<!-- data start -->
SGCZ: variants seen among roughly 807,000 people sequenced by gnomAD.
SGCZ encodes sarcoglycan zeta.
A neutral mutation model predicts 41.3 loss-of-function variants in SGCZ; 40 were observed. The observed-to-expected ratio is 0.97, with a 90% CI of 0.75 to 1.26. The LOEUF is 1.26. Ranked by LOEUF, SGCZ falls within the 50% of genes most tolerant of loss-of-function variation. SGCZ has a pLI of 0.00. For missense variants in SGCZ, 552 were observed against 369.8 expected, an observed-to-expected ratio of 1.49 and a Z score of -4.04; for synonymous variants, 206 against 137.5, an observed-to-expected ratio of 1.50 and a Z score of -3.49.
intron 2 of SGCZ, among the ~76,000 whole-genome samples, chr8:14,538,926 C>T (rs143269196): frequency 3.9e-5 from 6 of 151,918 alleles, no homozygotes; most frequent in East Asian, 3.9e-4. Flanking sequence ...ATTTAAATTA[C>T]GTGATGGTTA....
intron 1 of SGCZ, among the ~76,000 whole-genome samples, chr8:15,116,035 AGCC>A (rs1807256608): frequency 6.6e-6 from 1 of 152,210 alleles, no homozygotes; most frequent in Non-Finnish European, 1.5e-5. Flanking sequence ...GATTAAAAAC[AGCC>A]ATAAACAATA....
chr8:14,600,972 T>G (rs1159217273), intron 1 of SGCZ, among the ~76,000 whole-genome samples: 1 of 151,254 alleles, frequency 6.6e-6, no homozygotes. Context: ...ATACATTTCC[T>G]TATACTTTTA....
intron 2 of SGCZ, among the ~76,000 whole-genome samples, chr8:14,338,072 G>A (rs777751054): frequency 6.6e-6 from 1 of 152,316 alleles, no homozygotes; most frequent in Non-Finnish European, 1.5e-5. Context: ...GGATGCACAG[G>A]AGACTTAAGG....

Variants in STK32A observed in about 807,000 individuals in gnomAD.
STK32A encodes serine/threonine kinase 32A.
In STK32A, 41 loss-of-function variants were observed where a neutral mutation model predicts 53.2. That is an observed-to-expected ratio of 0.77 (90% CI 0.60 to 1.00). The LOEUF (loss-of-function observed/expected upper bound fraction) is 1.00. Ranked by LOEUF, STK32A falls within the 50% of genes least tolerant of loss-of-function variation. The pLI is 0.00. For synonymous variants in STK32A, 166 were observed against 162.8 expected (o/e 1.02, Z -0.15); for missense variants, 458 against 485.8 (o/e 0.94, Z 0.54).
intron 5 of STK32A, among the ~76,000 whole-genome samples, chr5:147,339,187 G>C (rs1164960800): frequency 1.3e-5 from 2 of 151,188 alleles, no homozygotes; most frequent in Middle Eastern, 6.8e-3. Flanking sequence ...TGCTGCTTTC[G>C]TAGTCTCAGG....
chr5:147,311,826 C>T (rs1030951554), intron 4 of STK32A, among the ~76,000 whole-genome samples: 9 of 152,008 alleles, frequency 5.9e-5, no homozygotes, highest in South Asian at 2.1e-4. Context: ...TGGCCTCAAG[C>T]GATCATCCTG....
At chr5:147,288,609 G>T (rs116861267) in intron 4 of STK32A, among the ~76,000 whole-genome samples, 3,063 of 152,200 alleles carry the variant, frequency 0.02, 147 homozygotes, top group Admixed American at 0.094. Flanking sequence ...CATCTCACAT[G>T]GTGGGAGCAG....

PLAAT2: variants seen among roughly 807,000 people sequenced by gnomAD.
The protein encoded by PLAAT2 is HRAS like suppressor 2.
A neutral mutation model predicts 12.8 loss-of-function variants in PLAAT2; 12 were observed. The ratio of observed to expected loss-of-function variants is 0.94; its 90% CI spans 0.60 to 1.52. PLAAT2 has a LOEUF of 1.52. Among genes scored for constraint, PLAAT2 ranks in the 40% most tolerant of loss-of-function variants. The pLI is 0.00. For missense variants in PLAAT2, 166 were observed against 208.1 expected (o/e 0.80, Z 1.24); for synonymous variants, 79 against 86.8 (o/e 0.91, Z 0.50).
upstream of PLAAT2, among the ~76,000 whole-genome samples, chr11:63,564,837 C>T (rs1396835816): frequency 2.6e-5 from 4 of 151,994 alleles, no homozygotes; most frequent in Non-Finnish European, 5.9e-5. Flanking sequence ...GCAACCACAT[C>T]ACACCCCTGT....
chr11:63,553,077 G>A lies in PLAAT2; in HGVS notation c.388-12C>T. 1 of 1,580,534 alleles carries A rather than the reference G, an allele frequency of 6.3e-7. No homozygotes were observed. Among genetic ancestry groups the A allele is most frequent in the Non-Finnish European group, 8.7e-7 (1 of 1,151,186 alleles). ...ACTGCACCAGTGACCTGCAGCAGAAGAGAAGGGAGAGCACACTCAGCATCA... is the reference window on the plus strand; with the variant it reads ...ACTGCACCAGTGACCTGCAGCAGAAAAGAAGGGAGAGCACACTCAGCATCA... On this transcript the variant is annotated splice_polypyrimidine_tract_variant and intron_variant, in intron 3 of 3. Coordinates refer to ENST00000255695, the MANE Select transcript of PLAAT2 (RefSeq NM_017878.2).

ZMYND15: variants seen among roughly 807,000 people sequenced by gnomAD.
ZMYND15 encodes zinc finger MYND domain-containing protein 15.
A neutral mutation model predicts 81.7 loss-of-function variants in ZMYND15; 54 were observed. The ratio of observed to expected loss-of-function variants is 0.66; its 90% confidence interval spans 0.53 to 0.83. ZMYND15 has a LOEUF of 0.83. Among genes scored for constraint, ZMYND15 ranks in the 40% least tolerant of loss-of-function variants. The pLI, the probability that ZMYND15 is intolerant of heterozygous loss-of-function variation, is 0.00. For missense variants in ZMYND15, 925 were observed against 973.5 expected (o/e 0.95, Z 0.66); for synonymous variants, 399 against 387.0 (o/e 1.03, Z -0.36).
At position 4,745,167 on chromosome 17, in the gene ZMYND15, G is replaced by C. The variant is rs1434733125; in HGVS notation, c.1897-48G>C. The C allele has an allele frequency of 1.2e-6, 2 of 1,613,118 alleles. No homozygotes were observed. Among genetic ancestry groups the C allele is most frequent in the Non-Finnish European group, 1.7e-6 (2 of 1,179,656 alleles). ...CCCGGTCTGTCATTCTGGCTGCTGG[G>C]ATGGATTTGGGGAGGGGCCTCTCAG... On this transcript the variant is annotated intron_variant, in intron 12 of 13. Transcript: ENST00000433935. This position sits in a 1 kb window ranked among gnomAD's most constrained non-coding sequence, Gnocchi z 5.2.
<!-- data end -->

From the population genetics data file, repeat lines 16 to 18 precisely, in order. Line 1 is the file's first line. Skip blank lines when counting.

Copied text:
A neutral mutation model predicts 12.8 loss-of-function variants in PLAAT2; 12 were observed. The ratio of observed to expected loss-of-function variants is 0.94; its 90% CI spans 0.60 to 1.52. PLAAT2 has a LOEUF of 1.52. Among genes scored for constraint, PLAAT2 ranks in the 40% most tolerant of loss-of-function variants. The pLI is 0.00. For missense variants in PLAAT2, 166 were observed against 208.1 expected (o/e 0.80, Z 1.24); for synonymous variants, 79 against 86.8 (o/e 0.91, Z 0.50).
upstream of PLAAT2, among the ~76,000 whole-genome samples, chr11:63,564,837 C>T (rs1396835816): frequency 2.6e-5 from 4 of 151,994 alleles, no homozygotes; most frequent in Non-Finnish European, 5.9e-5. Flanking sequence ...GCAACCACAT[C>T]ACACCCCTGT....
chr11:63,553,077 G>A lies in PLAAT2; in HGVS notation c.388-12C>T. 1 of 1,580,534 alleles carries A rather than the reference G, an allele frequency of 6.3e-7. No homozygotes were observed. Among genetic ancestry groups the A allele is most frequent in the Non-Finnish European group, 8.7e-7 (1 of 1,151,186 alleles). ...ACTGCACCAGTGACCTGCAGCAGAAGAGAAGGGAGAGCACACTCAGCATCA... is the reference window on the plus strand; with the variant it reads ...ACTGCACCAGTGACCTGCAGCAGAAAAGAAGGGAGAGCACACTCAGCATCA... On this transcript the variant is annotated splice_polypyrimidine_tract_variant and intron_variant, in intron 3 of 3. Coordinates refer to ENST00000255695, the MANE Select transcript of PLAAT2 (RefSeq NM_017878.2).